About OCI Cache

OCI Cache is a managed service that enables you to build and manage Cache clusters, which are memory-based storage solutions for applications.

OCI Cache handles the management and operations of clusters, including operations such as security updates.

OCI Cache supports clusters configured with one to five nodes. One node in the cluster is always configured as the primary node, any other nodes configured as replicas. All nodes in the cluster are in the same region, however the service tries to distribute them across fault domains and availability domains (for multiple availability domain regions) as much as possible.

You can resize clusters, either by increasing or decreasing the node count or the amount of memory available per cluster node. To improve redundancy, you can increase a cluster's node count. If you need more memory for the cache, you can increase the memory per cluster. Bandwidth is allocated to the cluster as you adjust memory. If you need more memory to increase bandwidth, then increase the memory for the cluster.

For more information, see Resizing Nodes for a Cluster and Resizing Memory for a Cluster.

OCI Cache Engine Version

OCI Cache supports the open source Redis version 7.0.5.


Sharding isn't yet supported by OCI Cache.

Resource Identifiers

OCI Cache supports clusters and work requests as Oracle Cloud Infrastructure resources. Most types of resources have a unique, Oracle-assigned identifier called an Oracle Cloud ID (OCID). For information about the OCID format and other ways to identify resources, see Resource Identifiers.


OCI Cache is available in all Oracle Cloud Infrastructure commercial regions. See About Regions and Availability Domains for the list of available regions for Oracle Cloud Infrastructure, along with associated locations, region identifiers, region keys, and availability domains.

Ways to Access OCI Cache

You can access OCI Cache using the Console (a browser-based interface), the CLI, or the REST API. Instructions for the Console, CLI, and API are included in topics throughout this guide.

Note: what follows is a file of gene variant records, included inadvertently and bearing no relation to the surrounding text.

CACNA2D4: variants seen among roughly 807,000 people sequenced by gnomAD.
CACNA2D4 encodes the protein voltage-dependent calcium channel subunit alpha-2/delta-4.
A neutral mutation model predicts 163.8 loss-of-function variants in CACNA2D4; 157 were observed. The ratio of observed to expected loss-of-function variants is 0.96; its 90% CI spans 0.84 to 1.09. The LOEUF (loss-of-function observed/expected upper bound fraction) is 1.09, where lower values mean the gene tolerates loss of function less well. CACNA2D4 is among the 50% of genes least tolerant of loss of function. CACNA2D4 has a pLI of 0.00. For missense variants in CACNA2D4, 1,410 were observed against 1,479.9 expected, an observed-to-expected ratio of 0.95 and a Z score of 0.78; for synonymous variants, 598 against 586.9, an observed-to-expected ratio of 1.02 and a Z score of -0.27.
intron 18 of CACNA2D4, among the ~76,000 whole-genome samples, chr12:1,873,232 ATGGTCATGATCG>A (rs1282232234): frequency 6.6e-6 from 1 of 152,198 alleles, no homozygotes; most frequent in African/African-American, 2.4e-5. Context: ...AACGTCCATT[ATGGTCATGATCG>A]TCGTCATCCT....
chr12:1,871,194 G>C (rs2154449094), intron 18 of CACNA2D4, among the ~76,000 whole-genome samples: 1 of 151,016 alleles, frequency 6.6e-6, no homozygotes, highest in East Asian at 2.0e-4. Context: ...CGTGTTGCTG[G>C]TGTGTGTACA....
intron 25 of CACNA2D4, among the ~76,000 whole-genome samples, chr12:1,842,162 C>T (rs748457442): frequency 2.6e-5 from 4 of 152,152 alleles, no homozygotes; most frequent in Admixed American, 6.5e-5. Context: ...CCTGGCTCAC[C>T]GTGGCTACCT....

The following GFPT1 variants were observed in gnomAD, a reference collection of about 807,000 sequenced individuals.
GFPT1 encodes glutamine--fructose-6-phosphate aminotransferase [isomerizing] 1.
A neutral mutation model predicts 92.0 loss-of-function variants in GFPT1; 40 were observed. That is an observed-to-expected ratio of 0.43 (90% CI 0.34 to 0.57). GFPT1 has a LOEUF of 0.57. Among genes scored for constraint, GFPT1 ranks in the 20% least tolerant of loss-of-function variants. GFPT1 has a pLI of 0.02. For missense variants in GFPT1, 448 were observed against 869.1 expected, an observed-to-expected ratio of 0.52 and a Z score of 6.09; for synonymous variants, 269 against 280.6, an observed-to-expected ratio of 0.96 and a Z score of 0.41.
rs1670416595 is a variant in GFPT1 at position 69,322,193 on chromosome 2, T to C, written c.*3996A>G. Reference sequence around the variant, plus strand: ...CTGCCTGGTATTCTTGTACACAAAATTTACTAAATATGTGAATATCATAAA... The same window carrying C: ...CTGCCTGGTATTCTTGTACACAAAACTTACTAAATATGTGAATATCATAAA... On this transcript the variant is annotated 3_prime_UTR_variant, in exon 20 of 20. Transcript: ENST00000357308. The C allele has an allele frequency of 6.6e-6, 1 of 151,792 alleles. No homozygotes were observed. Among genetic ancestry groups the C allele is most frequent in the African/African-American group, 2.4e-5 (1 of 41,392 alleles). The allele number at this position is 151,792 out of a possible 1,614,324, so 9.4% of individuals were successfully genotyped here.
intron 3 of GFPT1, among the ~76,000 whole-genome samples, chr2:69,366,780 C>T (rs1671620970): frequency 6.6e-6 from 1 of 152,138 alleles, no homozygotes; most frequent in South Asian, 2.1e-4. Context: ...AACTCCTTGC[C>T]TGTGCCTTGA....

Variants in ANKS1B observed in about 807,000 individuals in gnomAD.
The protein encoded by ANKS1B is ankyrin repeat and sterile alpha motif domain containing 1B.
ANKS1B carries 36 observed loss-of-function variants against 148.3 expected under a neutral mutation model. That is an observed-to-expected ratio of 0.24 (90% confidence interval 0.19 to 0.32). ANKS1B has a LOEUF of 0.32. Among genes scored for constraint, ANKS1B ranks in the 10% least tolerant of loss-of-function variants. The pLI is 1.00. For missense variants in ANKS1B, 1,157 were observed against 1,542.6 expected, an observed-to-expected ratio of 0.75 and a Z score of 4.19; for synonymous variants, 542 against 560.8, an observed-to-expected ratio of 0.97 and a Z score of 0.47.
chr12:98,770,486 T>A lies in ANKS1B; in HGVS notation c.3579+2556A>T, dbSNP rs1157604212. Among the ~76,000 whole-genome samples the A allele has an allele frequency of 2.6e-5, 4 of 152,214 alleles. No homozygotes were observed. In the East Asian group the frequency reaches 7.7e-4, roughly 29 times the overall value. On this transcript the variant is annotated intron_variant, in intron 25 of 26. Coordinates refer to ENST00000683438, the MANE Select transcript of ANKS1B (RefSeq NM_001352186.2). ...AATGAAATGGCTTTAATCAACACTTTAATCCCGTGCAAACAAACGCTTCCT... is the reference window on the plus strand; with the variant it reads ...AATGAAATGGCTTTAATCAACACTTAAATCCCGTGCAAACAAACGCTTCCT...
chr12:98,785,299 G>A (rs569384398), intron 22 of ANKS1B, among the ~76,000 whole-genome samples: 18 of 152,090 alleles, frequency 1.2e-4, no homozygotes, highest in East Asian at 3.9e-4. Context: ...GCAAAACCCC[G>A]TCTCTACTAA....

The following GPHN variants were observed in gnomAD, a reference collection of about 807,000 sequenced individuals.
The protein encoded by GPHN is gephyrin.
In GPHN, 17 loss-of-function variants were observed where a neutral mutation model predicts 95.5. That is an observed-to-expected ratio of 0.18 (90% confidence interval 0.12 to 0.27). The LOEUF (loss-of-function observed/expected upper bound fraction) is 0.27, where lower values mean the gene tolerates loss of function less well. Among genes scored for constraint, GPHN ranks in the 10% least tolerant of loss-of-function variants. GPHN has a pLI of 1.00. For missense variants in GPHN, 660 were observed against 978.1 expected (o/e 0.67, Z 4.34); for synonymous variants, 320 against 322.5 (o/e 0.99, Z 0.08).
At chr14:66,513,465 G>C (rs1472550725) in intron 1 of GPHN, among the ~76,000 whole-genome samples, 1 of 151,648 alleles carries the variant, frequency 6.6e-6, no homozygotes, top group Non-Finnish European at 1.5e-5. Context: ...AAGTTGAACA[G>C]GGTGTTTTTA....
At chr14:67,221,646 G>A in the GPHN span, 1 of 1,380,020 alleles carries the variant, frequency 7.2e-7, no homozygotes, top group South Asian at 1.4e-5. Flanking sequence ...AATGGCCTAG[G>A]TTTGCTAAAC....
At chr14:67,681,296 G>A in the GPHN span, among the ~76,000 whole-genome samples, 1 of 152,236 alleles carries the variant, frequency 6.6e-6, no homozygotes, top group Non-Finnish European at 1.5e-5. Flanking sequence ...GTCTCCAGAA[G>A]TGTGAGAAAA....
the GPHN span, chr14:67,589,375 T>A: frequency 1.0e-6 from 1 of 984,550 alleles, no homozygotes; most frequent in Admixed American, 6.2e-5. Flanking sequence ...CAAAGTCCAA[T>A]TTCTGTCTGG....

To access the Console, you must use a supported browser. To go to the Console sign-in page, open the navigation menu at the top of this page and click Infrastructure Console. You're prompted to enter your cloud tenant, your username, and your password.

For a list of available SDKs, see SDKs and the CLI. For general information about using the APIs, see REST API documentation.


The limits for OCI Cache are as follows:

  • 5 nodes per cluster
  • 500 GB per node
The cumulative totals for all clusters within a region:
  • 20 nodes
  • 1000 GB

Authentication and Authorization

Each service in Oracle Cloud Infrastructure integrates with IAM for authentication and authorization, for all interfaces (the Console, SDK or CLI, and REST API).

An administrator in your organization needs to set up groups , compartments , and policies  that control which users can access which services, which resources, and the type of access. For example, the policies control who can create new users, create and manage the cloud network, launch instances, create buckets, download objects, and so on. For more information, see Getting Started with Policies. For specific details about writing policies for each of the different services, see Policy Reference.

If you're a regular user (not an administrator) who needs to use the Oracle Cloud Infrastructure resources that your company owns, contact your administrator to set up a user ID for you. The administrator can confirm which compartment or compartments you should be using.

Monitoring and Alarms

You can monitor the health, capacity, and performance for clusters by using metrics , alarms , and notifications. For more information, see OCI Cache Metrics.

Cluster Patching

OCI Cache handles a cluster's management and maintenance operations for you, including applying scheduled patches and security updates for a cluster's nodes. When the service patches a cluster's node, a new node is created with the patched image. Data is then replicated to the new node in the background. After the new node is fully populated, the service swaps out the old node, replacing it with the new node. Your library should automatically reconnect after a node swap, and in the unlikely event of a delay, a 1 millisecond connection loss can sometimes occur.